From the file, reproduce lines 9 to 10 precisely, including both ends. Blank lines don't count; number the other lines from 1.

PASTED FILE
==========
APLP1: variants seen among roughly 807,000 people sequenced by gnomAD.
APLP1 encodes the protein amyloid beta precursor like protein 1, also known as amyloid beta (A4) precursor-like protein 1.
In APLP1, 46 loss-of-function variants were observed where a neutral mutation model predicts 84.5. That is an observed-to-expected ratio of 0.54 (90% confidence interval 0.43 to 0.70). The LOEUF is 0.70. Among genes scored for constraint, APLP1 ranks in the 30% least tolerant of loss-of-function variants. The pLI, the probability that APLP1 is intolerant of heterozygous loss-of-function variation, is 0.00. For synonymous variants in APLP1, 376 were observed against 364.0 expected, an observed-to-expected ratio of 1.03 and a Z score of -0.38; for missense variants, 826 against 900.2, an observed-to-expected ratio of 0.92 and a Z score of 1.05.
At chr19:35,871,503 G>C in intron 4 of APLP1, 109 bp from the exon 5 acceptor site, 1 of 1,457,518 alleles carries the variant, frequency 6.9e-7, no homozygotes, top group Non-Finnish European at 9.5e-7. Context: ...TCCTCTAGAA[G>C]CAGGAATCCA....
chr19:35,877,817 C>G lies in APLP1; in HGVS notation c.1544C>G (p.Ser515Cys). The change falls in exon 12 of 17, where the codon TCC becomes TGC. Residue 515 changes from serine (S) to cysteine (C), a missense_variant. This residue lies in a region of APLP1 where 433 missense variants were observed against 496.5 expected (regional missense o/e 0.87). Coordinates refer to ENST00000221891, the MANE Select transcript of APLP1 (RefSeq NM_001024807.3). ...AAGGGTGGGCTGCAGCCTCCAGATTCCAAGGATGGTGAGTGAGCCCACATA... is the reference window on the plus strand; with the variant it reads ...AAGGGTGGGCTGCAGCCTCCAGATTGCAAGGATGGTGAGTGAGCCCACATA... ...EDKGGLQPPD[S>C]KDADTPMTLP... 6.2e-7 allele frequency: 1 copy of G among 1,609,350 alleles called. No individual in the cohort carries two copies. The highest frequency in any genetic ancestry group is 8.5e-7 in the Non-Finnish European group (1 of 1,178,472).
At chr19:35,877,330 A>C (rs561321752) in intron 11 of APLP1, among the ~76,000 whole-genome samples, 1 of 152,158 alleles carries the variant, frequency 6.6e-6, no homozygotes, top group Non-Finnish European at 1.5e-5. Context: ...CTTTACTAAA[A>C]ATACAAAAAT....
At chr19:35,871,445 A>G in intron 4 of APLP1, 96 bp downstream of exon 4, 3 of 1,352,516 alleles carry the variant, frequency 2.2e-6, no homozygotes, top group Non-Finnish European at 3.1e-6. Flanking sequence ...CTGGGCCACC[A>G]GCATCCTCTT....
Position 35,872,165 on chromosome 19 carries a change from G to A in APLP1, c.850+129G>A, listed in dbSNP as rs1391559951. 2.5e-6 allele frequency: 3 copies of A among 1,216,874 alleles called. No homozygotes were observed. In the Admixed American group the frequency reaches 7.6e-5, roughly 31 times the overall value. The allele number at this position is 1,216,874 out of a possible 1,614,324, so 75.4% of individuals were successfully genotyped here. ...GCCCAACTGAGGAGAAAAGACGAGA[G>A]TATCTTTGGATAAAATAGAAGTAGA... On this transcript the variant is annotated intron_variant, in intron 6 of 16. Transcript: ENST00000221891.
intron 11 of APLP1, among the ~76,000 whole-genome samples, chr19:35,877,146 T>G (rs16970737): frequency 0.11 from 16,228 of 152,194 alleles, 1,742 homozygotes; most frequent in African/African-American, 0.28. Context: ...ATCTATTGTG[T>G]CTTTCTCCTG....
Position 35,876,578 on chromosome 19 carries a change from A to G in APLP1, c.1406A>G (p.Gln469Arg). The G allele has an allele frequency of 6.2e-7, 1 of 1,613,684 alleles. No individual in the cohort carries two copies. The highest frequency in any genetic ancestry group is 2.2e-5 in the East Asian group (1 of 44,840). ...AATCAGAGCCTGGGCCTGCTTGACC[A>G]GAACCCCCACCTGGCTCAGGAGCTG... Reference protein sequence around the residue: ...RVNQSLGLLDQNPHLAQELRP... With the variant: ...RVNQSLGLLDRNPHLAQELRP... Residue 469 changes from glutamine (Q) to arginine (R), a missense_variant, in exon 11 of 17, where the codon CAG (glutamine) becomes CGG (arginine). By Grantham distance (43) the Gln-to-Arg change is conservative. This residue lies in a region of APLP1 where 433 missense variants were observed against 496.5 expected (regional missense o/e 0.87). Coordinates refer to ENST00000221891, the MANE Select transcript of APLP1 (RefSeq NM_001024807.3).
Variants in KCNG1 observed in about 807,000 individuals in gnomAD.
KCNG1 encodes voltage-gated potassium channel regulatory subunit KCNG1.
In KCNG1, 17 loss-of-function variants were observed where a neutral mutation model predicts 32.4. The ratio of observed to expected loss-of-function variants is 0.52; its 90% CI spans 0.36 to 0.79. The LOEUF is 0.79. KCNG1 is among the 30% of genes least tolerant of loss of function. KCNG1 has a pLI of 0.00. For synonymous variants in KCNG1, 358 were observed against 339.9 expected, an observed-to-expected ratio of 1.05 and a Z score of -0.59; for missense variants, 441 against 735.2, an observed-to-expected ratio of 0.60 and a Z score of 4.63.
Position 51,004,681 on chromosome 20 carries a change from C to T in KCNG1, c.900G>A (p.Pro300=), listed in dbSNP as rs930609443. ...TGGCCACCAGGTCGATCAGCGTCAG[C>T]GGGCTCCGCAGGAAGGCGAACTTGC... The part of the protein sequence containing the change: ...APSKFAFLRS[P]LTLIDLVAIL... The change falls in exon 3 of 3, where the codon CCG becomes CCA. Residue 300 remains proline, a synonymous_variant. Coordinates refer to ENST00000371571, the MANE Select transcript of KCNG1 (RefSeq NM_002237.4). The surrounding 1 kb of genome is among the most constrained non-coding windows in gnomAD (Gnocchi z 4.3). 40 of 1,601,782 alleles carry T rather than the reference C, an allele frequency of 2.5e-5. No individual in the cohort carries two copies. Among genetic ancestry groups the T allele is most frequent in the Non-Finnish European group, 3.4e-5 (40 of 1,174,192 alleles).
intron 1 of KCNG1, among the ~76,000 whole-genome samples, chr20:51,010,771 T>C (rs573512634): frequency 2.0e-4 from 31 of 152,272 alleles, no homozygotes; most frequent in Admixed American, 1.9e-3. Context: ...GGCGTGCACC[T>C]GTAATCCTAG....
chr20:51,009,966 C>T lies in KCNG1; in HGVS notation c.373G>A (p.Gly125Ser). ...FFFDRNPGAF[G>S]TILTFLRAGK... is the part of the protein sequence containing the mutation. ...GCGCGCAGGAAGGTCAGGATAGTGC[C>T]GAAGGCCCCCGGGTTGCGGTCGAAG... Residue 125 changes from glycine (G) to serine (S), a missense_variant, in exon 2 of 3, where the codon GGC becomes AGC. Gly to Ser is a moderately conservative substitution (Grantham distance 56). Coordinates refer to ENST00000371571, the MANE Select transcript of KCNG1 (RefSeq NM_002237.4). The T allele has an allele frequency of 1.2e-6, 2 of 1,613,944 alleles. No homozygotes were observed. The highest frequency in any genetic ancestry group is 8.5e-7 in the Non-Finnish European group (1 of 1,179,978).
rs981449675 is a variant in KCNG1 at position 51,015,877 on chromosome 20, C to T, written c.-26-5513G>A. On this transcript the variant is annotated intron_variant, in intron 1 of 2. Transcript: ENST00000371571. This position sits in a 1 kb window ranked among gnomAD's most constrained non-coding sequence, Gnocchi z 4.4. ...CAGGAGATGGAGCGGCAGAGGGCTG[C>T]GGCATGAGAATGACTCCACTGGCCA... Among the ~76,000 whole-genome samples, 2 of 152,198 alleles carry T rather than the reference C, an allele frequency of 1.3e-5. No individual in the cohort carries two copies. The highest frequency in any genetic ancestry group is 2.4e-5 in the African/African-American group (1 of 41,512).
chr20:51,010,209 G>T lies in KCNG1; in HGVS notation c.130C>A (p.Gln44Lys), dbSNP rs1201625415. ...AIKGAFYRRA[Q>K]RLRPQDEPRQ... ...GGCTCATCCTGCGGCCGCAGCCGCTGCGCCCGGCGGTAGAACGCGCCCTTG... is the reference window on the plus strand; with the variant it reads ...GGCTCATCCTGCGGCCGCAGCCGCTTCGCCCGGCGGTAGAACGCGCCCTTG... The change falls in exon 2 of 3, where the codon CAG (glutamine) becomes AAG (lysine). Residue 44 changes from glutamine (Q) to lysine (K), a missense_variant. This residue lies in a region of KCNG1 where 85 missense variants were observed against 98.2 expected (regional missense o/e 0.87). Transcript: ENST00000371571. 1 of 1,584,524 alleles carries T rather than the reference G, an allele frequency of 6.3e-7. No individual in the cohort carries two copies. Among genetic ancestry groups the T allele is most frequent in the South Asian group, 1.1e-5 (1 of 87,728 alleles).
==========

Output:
intron 11 of APLP1, among the ~76,000 whole-genome samples, chr19:35,877,146 T>G (rs16970737): frequency 0.11 from 16,228 of 152,194 alleles, 1,742 homozygotes; most frequent in African/African-American, 0.28. Context: ...ATCTATTGTG[T>G]CTTTCTCCTG....
Position 35,876,578 on chromosome 19 carries a change from A to G in APLP1, c.1406A>G (p.Gln469Arg). The G allele has an allele frequency of 6.2e-7, 1 of 1,613,684 alleles. No individual in the cohort carries two copies. The highest frequency in any genetic ancestry group is 2.2e-5 in the East Asian group (1 of 44,840). ...AATCAGAGCCTGGGCCTGCTTGACC[A>G]GAACCCCCACCTGGCTCAGGAGCTG... Reference protein sequence around the residue: ...RVNQSLGLLDQNPHLAQELRP... With the variant: ...RVNQSLGLLDRNPHLAQELRP... Residue 469 changes from glutamine (Q) to arginine (R), a missense_variant, in exon 11 of 17, where the codon CAG (glutamine) becomes CGG (arginine). By Grantham distance (43) the Gln-to-Arg change is conservative. This residue lies in a region of APLP1 where 433 missense variants were observed against 496.5 expected (regional missense o/e 0.87). Coordinates refer to ENST00000221891, the MANE Select transcript of APLP1 (RefSeq NM_001024807.3).